Digital Media’s 3rd Space

nathan_Levi260I recently entered into a discussion with a client about the potential of marketing their app instead of driving traffic to the website. I held the view that the app was a much more engaging and rich experience than the more transactional website and that getting more people to use the app would show healthier returns in the long term. This discussion prompted my wider thinking about the evolving digital media landscape and the emergence of its ‘3rd space’. By this I mean the not-so-transactional, brand enhancing experiential media, the murky landscape between brand awareness and direct response.

Whilst digital media is a more complex beast, it has been shoehorned to a degree into playing the roles of its traditional counterparts. Hence we have the ‘useless’ impression metric we’ve all become burdened with, or the more meaningful click metric that Google owns the lion share of. The channel equivalents for traditional media folk are display or classifieds, front pages or back pages, TV or DRTV; they clearly separate the role of media into two distinct camps.

In digital we’ve spent the past few years exploring the grey area in between, or ‘the 3rd space. This has been premised with the idea that media drives ‘engagement’, that the role of media is not just to entertain or to sell. The challenge has often been that nobody can succinctly define ‘engagement’ because it cannot be measured in a uniform or meaningful way; eyeballs and sales are what justify media budgets to CMOs. The app, the YouTube channel, the online partnership and the online community all seem to sit in a middle ground between being awareness and direct response vehicles. They certainly do a job in terms of driving brand affinity and can also play a role in getting people to buy. This presents many challenges for marketers, namely that media budgets will sit in one camp or another. Asking my client for media budget to drive visitors to an app is partly a branding exercise and partly a DR tactic, it’s not one or the other. My client will want to know how many sales will come from these app downloads and this will be the success metric pinned to the media activity – even though the app might get people to like the brand or engage with the brand more regularly. This dual function of 3rd space media is a sticking point for many.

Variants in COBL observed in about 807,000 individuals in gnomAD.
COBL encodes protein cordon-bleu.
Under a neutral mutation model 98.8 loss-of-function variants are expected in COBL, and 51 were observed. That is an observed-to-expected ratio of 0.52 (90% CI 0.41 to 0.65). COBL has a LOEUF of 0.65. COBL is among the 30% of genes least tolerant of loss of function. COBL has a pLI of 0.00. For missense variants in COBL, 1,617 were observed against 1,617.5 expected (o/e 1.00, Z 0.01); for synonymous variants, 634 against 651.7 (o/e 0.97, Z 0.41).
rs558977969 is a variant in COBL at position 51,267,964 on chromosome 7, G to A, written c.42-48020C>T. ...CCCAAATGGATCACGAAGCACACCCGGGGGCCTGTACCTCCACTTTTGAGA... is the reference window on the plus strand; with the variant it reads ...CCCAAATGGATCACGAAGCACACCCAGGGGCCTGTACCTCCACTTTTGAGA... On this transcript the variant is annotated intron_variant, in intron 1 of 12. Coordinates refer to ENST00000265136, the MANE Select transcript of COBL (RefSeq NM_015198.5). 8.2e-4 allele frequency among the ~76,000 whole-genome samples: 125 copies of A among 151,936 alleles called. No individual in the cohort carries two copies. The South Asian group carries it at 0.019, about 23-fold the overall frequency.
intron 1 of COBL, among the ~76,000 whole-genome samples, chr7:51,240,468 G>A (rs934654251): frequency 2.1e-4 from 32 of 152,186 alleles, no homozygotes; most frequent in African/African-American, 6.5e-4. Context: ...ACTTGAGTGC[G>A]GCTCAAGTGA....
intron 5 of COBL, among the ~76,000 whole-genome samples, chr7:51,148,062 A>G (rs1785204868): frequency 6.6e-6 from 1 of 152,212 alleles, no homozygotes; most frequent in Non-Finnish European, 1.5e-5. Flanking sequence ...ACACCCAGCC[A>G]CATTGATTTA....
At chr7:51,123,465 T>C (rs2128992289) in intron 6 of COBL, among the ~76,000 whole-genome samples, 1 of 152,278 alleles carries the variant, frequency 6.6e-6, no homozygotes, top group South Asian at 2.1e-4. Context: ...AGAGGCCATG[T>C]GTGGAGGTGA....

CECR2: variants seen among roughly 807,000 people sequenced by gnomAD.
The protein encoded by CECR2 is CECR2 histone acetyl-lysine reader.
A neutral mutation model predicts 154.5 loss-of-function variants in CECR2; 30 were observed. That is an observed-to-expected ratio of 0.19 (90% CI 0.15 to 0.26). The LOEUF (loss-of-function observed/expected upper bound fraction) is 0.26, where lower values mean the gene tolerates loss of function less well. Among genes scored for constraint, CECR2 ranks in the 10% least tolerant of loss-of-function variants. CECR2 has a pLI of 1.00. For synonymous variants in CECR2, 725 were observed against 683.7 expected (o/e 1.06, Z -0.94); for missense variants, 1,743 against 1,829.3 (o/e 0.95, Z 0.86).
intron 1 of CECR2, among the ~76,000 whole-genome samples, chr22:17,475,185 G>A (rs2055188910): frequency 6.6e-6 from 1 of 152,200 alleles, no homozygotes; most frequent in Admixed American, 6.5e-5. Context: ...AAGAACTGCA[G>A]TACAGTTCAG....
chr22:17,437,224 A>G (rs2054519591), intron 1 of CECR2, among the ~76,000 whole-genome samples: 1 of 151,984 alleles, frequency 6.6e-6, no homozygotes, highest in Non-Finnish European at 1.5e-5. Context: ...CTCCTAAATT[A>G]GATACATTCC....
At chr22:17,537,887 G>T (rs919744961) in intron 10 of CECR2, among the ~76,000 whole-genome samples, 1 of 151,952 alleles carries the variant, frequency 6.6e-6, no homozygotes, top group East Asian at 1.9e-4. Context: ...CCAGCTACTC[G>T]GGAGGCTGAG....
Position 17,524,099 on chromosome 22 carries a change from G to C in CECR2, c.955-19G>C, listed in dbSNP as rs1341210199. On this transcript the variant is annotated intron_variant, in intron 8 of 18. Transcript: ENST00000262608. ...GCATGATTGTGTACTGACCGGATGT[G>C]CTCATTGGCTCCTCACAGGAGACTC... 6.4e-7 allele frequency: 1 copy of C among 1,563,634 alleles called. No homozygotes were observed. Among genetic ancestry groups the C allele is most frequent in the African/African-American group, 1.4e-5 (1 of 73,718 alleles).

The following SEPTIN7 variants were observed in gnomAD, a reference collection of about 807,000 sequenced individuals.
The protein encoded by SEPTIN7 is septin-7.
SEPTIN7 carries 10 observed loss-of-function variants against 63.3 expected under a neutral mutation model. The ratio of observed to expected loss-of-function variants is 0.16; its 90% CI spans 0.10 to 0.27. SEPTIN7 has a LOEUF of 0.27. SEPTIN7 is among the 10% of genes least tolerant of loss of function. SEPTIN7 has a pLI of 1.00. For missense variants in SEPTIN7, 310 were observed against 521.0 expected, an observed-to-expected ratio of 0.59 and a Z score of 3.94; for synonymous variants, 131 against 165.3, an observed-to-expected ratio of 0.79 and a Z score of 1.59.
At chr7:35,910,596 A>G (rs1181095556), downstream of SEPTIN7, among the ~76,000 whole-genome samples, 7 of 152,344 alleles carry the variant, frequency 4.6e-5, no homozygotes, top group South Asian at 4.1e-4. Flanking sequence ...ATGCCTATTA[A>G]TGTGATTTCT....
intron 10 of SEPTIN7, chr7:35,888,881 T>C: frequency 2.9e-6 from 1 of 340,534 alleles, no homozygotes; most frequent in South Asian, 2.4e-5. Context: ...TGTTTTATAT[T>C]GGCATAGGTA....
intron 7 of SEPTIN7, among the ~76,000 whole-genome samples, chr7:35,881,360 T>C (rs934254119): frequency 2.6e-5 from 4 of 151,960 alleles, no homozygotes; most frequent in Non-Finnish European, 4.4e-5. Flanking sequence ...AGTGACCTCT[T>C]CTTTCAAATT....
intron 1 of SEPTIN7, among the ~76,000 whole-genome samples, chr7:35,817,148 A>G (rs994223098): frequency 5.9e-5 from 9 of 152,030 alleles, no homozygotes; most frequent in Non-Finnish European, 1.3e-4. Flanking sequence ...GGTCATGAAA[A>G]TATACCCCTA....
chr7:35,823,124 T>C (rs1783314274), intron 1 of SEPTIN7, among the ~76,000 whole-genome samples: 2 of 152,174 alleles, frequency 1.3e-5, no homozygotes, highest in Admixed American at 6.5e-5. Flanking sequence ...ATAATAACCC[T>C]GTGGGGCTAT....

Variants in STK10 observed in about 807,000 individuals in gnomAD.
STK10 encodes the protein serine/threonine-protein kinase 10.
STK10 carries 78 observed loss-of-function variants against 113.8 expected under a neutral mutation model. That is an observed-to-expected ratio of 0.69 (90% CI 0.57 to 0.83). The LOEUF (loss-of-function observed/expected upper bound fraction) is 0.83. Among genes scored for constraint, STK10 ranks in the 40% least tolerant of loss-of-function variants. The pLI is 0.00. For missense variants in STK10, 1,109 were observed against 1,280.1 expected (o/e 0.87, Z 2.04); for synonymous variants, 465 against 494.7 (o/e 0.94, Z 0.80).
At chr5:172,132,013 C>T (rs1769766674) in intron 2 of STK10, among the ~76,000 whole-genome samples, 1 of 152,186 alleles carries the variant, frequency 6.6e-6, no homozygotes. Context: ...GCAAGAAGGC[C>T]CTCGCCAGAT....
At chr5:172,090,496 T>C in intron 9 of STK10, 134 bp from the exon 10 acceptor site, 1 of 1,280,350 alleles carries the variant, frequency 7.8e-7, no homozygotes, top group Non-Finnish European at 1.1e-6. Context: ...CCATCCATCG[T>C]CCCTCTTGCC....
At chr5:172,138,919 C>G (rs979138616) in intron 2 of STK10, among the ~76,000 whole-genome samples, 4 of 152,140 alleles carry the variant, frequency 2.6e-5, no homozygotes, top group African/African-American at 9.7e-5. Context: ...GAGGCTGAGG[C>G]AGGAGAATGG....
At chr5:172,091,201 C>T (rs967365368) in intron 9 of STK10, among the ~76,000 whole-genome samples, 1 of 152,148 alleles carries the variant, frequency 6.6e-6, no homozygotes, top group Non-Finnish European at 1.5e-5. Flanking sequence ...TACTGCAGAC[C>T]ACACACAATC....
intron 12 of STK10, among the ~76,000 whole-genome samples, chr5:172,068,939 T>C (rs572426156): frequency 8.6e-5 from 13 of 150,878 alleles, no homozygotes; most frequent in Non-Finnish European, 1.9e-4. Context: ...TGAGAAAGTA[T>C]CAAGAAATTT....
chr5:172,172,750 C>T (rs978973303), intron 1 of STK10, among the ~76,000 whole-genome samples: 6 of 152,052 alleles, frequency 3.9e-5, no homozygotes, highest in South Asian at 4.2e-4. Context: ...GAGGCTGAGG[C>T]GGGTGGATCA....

Looking around the web there are some great examples of ‘3rd spaces’. For apps take a look at Zipcar, for YouTube channels see Jamie Oliver’s ‘Food Tube’, for communities Nike Plus is a standout, and for online partnerships see Sainsburys on MSN. All of these ‘3rd spaces’ are non-transactional, are free to use, and enhance your experience of the brand. All are great media vehicles and have had significant investment, yet they play little or no role in driving awareness or as hard core DR. For me this is where Facebook struggles; few brands have been able to make Facebook a true 3rd space experience.

These ‘3rd spaces’ make digital media planning much more complex. Instead of funnelling all traffic through to the website we are now challenged with a multi-destination media journey. How much should one spend on driving traffic to increase YouTube views versus app downloads? Which of these potential customers is more valuable to me? How do I measure the impact of one 3rd space over another? These are very complex challenges that many traditional brands are not yet geared up to deal with.

Marketers will need to accept that not all media strategies can be tied to branding or DR metrics. The 3rd space of media has arrived.


Nathan Levi is a contributor at The Makegood and the Head of Media at VCCP, a media optimization company.

  • Chris Senio

    Well stated! I would argue that justifying the value of the “3rd space”
    has been the primary challenge of digital media planners for quite some